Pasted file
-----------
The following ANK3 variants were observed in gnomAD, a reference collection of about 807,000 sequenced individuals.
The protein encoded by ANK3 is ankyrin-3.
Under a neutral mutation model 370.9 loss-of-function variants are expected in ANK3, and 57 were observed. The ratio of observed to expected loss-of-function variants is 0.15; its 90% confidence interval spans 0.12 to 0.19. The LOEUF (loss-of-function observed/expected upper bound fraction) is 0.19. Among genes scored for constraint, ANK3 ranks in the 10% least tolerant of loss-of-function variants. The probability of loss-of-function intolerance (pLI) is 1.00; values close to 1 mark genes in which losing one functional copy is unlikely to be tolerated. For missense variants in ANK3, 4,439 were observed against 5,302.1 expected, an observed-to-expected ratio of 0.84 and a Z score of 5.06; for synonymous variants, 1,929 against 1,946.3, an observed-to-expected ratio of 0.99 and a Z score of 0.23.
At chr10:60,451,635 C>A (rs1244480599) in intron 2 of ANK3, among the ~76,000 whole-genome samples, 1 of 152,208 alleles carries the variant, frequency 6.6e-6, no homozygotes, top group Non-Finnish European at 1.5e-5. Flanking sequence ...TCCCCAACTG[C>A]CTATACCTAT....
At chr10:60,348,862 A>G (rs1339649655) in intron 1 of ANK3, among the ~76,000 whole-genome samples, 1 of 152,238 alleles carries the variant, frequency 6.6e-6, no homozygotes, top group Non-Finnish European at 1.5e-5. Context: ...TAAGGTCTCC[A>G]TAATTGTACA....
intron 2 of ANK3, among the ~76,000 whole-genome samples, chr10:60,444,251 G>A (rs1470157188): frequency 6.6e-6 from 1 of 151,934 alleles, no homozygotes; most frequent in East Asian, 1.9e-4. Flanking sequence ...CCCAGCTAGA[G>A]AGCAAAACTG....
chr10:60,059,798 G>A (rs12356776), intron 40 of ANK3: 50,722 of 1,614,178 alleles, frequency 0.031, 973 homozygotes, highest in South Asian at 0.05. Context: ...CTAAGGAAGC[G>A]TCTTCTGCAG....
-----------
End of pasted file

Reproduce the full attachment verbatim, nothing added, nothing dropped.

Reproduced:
The following ANK3 variants were observed in gnomAD, a reference collection of about 807,000 sequenced individuals.
The protein encoded by ANK3 is ankyrin-3.
Under a neutral mutation model 370.9 loss-of-function variants are expected in ANK3, and 57 were observed. The ratio of observed to expected loss-of-function variants is 0.15; its 90% confidence interval spans 0.12 to 0.19. The LOEUF (loss-of-function observed/expected upper bound fraction) is 0.19. Among genes scored for constraint, ANK3 ranks in the 10% least tolerant of loss-of-function variants. The probability of loss-of-function intolerance (pLI) is 1.00; values close to 1 mark genes in which losing one functional copy is unlikely to be tolerated. For missense variants in ANK3, 4,439 were observed against 5,302.1 expected, an observed-to-expected ratio of 0.84 and a Z score of 5.06; for synonymous variants, 1,929 against 1,946.3, an observed-to-expected ratio of 0.99 and a Z score of 0.23.
At chr10:60,451,635 C>A (rs1244480599) in intron 2 of ANK3, among the ~76,000 whole-genome samples, 1 of 152,208 alleles carries the variant, frequency 6.6e-6, no homozygotes, top group Non-Finnish European at 1.5e-5. Flanking sequence ...TCCCCAACTG[C>A]CTATACCTAT....
At chr10:60,348,862 A>G (rs1339649655) in intron 1 of ANK3, among the ~76,000 whole-genome samples, 1 of 152,238 alleles carries the variant, frequency 6.6e-6, no homozygotes, top group Non-Finnish European at 1.5e-5. Context: ...TAAGGTCTCC[A>G]TAATTGTACA....
intron 2 of ANK3, among the ~76,000 whole-genome samples, chr10:60,444,251 G>A (rs1470157188): frequency 6.6e-6 from 1 of 151,934 alleles, no homozygotes; most frequent in East Asian, 1.9e-4. Flanking sequence ...CCCAGCTAGA[G>A]AGCAAAACTG....
chr10:60,059,798 G>A (rs12356776), intron 40 of ANK3: 50,722 of 1,614,178 alleles, frequency 0.031, 973 homozygotes, highest in South Asian at 0.05. Context: ...CTAAGGAAGC[G>A]TCTTCTGCAG....